[R-sig-ME] Prediction of random effects in glmer()
bbo|ker @end|ng |rom gm@||@com
Mon Feb 15 22:39:57 CET 2021
Going back to a previous answer in this thread; these are empirical
Bayesian prediction intervals. That is, they may be well-calibrated but
they don't have the same theoretical status as 'true' frequentist CIs.
To be completely honest, I don't know what is or isn't known about
the calibration properties of intervals based on the conditional SD (I
would guess they're not bad but really don't know the theory).
This looks like a good reference on EB confidence intervals:
Cox, D. R. “Prediction Intervals and Empirical Bayes Confidence
Intervals.” Journal of Applied Probability 12, no. S1 (ed 1975): 47–55.
Based on a *very* quick read it seems as though constructing CIs for
the conditional modes based on the SDs is OK subject to the assumption
that we can plug in/condition on the 'theta'/variance estimates ...
On 2/15/21 4:25 PM, Andrew Robinson wrote:
> Hi Ben,
> I note with interest below:
> Note that these SDs **are not appropriate for testing hypotheses
> about individual levels of the random effect**: one of the tradeoffs of
> using REs in the first place is that you trade parsimony for the ability
> to do hypothesis testing on individual predictions.
> Does this mean that they are also inappropriate for computing interval
> predictions for individual predictions?
> Where might one read more about this observation?
> Many thanks,
> Andrew Robinson
> Director, CEBRA and Professor of Biosecurity,
> School/s of BioSciences and Mathematics & Statistics
> University of Melbourne, VIC 3010 Australia
> Tel: (+61) 0403 138 955 Email: apro using unimelb.edu.au
> Website: https://researchers.ms.unimelb.edu.au/~apro@unimelb/
> I acknowledge the Traditional Owners of the land I inhabit, and pay my
> respects to their Elders.
> On Feb 16, 2021, 8:16 AM +1100, Ben Bolker <bbolker using gmail.com>, wrote:
>> The penalty term ||u||^2 appears first in the likelihood expression
>> (eq 11 in the paper),
>> int exp( - (sum(d_i(y_obs,u)) + ||u||^2)/2) * C du
>> where C is a normalization constant I don't feel like writing out.
>> The sum(d_i(.)) part is the deviance of the GLM part of the model.
>> The other part would come out to exp(-||u||^2/2) if we factored it out;
>> this expresses the idea that the u values (the 'spherized' random
>> effects, i.e. on a scale where they are iid N(0,1) variables) are
>> assumed to be drawn from a Normal distribution.
>> This stuff is probably better explained in the original JSS lmer
>> paper (where the same penalty term appears, for the same reason).
>> An *analog* of standard errors is indeed available for the
>> conditional modes (this is also explained in the JSS paper); we call
>> these "conditional variances" and "conditional standard deviations" - we
>> can't quite call them "standard errors" because the u values are not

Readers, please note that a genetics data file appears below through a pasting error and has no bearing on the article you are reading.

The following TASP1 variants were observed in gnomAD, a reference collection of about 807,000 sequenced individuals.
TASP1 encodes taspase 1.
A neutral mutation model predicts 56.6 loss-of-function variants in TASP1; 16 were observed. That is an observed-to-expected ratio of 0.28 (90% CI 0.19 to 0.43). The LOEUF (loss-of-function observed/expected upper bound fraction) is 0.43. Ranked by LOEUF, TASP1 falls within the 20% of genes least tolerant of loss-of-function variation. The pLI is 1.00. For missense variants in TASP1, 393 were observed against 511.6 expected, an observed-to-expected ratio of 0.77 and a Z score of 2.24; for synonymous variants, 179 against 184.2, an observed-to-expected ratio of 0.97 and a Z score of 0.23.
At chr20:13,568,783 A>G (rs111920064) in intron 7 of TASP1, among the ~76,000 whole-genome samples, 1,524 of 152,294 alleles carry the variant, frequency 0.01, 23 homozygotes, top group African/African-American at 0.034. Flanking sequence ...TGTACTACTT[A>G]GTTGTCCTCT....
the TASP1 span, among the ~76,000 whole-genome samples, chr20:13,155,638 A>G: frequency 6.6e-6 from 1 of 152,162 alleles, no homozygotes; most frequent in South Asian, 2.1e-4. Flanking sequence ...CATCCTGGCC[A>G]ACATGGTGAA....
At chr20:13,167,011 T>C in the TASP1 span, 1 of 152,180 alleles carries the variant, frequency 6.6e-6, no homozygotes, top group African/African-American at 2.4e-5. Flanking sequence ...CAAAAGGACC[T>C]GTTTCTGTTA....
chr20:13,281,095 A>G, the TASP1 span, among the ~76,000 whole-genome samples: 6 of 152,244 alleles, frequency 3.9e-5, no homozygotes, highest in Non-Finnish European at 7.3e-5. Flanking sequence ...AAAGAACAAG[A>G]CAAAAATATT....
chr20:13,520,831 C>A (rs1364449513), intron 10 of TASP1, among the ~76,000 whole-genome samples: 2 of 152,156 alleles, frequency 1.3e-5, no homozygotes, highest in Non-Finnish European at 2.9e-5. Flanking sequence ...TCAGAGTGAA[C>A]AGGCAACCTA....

>> estimates in the technical sense (this is the same song-and-dance as
>> when we call something a "BLUP" rather than an "estimate").
>> When you call ranef(.) with condVar=TRUE (which is the default), the
>> conditional covariance matrices are indeed computed and returned, albeit
>> in a rather inconvenient form: attr(ranef(my_model)$grpvar,"postVar") is
>> a 3D array of stacked covariance matrices, or a list of 3D arrays (see
>> ?ranef.merMod). If you just want the conditional standard deviations
>> for each random effect value, as.data.frame(ranef(my_model)) will
>> probably be more convenient.
>> (Again, the details behind this computation are explained in the JSS
>> lmer paper ...)
>> Note that these SDs **are not appropriate for testing hypotheses
>> about individual levels of the random effect**: one of the tradeoffs of
>> using REs in the first place is that you trade parsimony for the ability
>> to do hypothesis testing on individual predictions.
>> For your second question, I'm not sure what you mean by the
>> "conditional mean and conditional variance of the random effect"; can
>> you explain further/give an example?
>> On 2/15/21 3:24 PM, Ravi Varadhan wrote:
>>> Dear Ben,
>>> Thanks for your response. I went back and looked at the draft JSS
>>> paper you sent me. It does describe how the random effects are
>>> predicted as conditional modes, using a penalized, iteratively
>>> weighted least squares. However, I still have some questions. Why is
>>> the penalty term ||u||^2 added? What does this mean? Does glmer then
>>> provide standard errors for the predicted random effects (I don't
>>> think it does)?
>>> One more question: it would be nice to also have an option for
>>> conditional mean and conditional variance of the random effect,
>>> although conditional variance would underestimate the true variance
>>> of the prediction.
>>> Thank you,
>>> From: Ravi Varadhan
>>> Sent: Thursday, February 11, 2021 8:30 PM
>>> To: r-sig-mixed-models using r-project.org <r-sig-mixed-models using r-project.org>
>>> Subject: Prediction of random effects in glmer()
>>> I would like to know how the prediction of random effects is done in
>>> the GLMM modeling using the lme4::glmer function, i.e. how the
>>> BLUP-like predictions are made in the glmer() function?
>>> Does it use frequentist prediction or empirical Bayes or full Bayes
>>> posterior? Is there any documentation of the prediction methodology?
>>> Thanks in advance.
>>> [[alternative HTML version deleted]]
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